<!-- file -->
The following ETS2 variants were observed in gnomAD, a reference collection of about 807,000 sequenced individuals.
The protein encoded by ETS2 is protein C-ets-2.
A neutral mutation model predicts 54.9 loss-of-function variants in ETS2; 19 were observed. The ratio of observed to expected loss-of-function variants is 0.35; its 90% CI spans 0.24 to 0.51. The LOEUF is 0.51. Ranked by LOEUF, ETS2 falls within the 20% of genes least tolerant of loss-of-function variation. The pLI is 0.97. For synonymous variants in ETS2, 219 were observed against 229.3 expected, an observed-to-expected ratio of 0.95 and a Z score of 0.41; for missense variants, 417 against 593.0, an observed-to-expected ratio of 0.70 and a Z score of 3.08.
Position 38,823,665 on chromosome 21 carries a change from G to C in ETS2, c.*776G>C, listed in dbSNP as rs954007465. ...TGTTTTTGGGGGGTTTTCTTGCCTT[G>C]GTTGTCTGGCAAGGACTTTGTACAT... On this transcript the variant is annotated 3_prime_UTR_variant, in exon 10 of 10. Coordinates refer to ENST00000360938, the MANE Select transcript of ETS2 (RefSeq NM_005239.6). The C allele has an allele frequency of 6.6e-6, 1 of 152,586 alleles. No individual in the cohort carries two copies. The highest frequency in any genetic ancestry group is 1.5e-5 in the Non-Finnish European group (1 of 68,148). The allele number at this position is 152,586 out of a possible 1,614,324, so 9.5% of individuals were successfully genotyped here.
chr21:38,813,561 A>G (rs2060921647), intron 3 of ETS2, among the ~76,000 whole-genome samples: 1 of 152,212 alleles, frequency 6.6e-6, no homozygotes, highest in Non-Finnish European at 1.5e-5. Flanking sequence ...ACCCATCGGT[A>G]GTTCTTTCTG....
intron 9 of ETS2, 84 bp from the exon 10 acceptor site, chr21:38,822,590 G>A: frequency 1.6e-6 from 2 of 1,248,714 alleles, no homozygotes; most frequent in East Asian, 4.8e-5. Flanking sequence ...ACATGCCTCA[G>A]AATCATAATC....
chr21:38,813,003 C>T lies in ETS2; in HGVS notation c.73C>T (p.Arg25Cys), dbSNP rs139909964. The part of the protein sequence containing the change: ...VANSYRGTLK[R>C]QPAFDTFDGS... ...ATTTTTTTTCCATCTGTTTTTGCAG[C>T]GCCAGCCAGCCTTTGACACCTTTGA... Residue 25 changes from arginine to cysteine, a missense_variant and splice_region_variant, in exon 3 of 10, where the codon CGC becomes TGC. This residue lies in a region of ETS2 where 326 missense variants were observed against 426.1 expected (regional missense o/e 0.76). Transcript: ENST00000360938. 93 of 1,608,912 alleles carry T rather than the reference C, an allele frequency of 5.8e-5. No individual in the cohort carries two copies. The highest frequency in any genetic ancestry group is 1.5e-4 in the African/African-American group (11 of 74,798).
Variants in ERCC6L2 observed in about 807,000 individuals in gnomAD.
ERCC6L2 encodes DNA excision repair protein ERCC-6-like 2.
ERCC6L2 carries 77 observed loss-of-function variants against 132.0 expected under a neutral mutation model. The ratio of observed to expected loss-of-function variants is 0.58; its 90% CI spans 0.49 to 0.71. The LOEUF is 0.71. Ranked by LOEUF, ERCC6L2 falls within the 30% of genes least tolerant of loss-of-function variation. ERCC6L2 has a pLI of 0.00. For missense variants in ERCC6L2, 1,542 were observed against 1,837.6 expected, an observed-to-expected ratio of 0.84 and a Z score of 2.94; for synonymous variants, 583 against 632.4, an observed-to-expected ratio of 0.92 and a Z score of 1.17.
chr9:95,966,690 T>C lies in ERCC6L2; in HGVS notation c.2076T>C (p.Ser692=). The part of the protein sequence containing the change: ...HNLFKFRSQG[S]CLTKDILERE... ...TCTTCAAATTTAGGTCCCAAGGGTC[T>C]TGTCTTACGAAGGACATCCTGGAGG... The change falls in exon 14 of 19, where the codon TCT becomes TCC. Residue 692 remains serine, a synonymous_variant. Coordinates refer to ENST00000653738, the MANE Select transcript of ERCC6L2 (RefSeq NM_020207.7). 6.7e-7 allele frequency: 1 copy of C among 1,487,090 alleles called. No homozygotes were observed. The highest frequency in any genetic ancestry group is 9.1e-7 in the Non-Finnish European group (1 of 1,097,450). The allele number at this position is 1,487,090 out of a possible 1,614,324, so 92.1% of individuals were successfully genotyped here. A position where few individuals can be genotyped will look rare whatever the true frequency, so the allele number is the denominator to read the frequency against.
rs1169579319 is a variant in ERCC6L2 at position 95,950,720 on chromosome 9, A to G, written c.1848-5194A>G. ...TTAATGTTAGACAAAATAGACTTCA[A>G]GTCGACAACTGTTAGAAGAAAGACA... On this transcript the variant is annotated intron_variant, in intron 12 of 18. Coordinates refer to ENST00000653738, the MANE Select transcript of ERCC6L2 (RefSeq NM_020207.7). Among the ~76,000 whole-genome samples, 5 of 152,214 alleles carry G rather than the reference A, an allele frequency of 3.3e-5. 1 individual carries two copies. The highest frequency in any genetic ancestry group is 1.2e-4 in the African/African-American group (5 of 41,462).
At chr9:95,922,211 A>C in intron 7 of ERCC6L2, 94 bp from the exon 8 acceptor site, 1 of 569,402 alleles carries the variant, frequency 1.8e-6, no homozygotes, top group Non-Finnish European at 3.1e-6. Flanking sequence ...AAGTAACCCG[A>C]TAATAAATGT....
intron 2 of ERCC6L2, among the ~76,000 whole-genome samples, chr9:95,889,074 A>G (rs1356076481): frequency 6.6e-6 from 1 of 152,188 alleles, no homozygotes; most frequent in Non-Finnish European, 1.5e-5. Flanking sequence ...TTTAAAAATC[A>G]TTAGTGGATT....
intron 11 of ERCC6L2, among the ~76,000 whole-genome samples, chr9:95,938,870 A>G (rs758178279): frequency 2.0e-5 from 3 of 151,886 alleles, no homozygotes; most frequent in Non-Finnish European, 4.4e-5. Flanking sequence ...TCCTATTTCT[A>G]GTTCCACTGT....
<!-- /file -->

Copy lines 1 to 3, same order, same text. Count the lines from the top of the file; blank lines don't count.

The following ETS2 variants were observed in gnomAD, a reference collection of about 807,000 sequenced individuals.
The protein encoded by ETS2 is protein C-ets-2.
A neutral mutation model predicts 54.9 loss-of-function variants in ETS2; 19 were observed. The ratio of observed to expected loss-of-function variants is 0.35; its 90% CI spans 0.24 to 0.51. The LOEUF is 0.51. Ranked by LOEUF, ETS2 falls within the 20% of genes least tolerant of loss-of-function variation. The pLI is 0.97. For synonymous variants in ETS2, 219 were observed against 229.3 expected, an observed-to-expected ratio of 0.95 and a Z score of 0.41; for missense variants, 417 against 593.0, an observed-to-expected ratio of 0.70 and a Z score of 3.08.